“But I don’t want to go among mad people,” Alice remarked.
“Oh, you can’t help that,” said the Cat: “we’re all mad here. I’m mad. You’re mad.”
“How do you know I’m mad?” said Alice.
“You must be,” said the Cat, “or you wouldn’t have come here.”
― Lewis Carroll, Alice in Wonderland
In today’s globalized world, we are constantly surrounded by and connected to the Internet. Social media has become a huge part of the time we spend online—in fact, we literally consume it. Think of all the people who were glued to their phones and computers during the Boston Marathon investigation—Twitter and Reddit were both instrumental in breaking news and updates to a population waiting on the edge of their seats.
The Pew Research Center notes that as of December 2012, 67% of all adult Internet users use some kind of social media site. 67% of those people use Facebook; 16% use Twitter; 15% use Pinterest, 13% use Instagram… the numbers are astounding. And they keep growing every day.
But you have to wonder, does all this social connectivity come at a price? Several research studies have shown that all this Internet use might be disconnecting us from our brains, decreasing our attention spans to mere minimums. Think about it—how often do you switch between tabs on your computer? When was the last time you read a whole news article without skimming? Social media has, essentially, turned our world experience into channel surfing—as you flip from one site to the next, you only see a flash of what’s there, never diving into the bigger picture.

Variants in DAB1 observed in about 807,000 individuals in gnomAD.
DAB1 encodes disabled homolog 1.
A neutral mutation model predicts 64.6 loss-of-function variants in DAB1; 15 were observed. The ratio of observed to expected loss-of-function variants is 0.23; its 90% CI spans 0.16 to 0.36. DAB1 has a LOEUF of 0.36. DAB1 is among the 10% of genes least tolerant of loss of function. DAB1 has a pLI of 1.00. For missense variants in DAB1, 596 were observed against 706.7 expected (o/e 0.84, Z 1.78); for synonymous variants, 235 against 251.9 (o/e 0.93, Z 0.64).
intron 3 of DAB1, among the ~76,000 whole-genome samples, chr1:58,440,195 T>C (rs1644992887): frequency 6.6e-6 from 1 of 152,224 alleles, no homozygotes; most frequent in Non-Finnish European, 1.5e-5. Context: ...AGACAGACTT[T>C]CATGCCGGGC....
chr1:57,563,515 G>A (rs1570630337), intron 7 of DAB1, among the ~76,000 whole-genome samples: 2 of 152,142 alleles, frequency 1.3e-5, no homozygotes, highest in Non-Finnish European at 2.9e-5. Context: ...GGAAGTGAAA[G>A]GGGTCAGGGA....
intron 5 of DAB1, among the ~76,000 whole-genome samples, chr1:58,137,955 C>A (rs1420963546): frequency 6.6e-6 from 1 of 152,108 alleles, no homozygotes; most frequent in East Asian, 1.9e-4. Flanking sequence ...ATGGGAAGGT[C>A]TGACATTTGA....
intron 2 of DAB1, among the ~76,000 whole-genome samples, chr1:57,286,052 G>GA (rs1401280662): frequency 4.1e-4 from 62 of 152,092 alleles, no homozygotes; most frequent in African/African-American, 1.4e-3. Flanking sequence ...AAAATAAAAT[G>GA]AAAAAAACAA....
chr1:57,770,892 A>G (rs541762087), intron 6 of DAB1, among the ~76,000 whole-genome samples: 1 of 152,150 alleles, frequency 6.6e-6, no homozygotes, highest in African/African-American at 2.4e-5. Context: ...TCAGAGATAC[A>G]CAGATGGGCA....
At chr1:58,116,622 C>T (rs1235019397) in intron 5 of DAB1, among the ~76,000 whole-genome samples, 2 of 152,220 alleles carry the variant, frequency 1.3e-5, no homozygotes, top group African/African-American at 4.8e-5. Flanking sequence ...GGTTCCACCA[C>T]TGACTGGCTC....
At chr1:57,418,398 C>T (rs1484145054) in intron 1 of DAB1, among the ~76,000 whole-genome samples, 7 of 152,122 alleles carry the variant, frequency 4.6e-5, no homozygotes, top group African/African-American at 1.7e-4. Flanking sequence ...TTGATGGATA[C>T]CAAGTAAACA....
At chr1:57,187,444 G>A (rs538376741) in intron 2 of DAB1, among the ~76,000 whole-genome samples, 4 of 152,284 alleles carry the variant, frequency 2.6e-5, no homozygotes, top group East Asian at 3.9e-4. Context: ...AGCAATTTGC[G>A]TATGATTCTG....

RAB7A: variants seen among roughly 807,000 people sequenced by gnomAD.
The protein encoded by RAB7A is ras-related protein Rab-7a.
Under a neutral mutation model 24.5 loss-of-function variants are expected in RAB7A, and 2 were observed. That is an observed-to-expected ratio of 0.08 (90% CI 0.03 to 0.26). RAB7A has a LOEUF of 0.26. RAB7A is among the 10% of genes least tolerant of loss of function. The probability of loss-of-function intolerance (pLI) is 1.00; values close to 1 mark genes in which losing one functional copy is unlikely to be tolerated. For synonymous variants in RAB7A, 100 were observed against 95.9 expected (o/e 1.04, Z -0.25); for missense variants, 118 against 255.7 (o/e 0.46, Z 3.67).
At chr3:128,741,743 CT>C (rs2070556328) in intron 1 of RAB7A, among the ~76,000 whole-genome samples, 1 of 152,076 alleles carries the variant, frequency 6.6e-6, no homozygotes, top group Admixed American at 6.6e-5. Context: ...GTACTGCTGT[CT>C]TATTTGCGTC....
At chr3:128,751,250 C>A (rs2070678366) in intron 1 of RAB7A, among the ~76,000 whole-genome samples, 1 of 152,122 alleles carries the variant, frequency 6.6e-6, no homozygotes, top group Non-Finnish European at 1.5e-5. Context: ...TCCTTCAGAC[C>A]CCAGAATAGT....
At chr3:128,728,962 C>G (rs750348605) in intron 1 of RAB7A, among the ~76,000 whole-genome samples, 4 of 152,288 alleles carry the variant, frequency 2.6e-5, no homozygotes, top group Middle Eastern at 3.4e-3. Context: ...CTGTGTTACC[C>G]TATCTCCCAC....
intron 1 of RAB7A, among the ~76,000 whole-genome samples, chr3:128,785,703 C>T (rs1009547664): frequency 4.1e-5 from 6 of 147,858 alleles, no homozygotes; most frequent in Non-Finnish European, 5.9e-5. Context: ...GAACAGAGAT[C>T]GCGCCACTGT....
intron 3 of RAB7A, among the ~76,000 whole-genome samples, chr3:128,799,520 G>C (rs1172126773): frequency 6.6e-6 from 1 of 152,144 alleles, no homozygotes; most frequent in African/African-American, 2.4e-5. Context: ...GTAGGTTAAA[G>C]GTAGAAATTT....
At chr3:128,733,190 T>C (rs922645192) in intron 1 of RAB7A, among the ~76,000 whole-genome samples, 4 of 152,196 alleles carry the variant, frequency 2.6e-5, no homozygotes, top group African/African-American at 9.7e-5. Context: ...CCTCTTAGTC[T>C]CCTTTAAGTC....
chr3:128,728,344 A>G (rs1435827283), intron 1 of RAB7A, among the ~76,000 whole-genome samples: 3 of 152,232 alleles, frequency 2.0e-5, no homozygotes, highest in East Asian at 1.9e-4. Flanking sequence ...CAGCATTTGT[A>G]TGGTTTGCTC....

Trying to sort out all the noise from social media is enough to make a person go mad. But this is what we, as social media managers, are called to do. Punch through the noise, connect with an audience that’s just as distracted as we are, and convince them to listen to what you have to say. It’s a neverending race to be first place. And it can drive a person insane.
So if social media is slowly driving us all insane, what can we do to stay sane in our jobs?
Make a To-Do List
Because social media is such a scattered industry, it’s likely that your workload will be scattered over all sorts of tasks and projects. That’s why I’m a strong proponent for to-do lists.
When I get lost or distracted during my workflow (which happens at least once a day) and wonder, “What was I supposed to be doing?” my to-do list always grounds me. It tells me exactly what I should be doing, organized by project, day of the week, or even the time of day. It really is my day-to-day lifesaver and definitely keeps me sane.
Some of my favorite to-do list sites and apps include:
- Todoist – available for your smartphone or as a Chrome extension
- Wunderlist – so much prettier and easier to use than the standard to-do app on smartphones
- Plain sticky notes – okay, so they’re not an app or program, but they’re just as effective (and my favorite)
Take Frequent Breaks
It has been scientifically proven that taking short breaks through your day increases your productivity and ability to concentrate on a task. This doesn’t mean that you need to get up and wander off for ten minutes of every hour—instead, try to concentrate on something else. This could be a different project, something fun or interesting you enjoy, or simply closing your eyes and meditating for a few minutes. Just give your brain some time to breathe.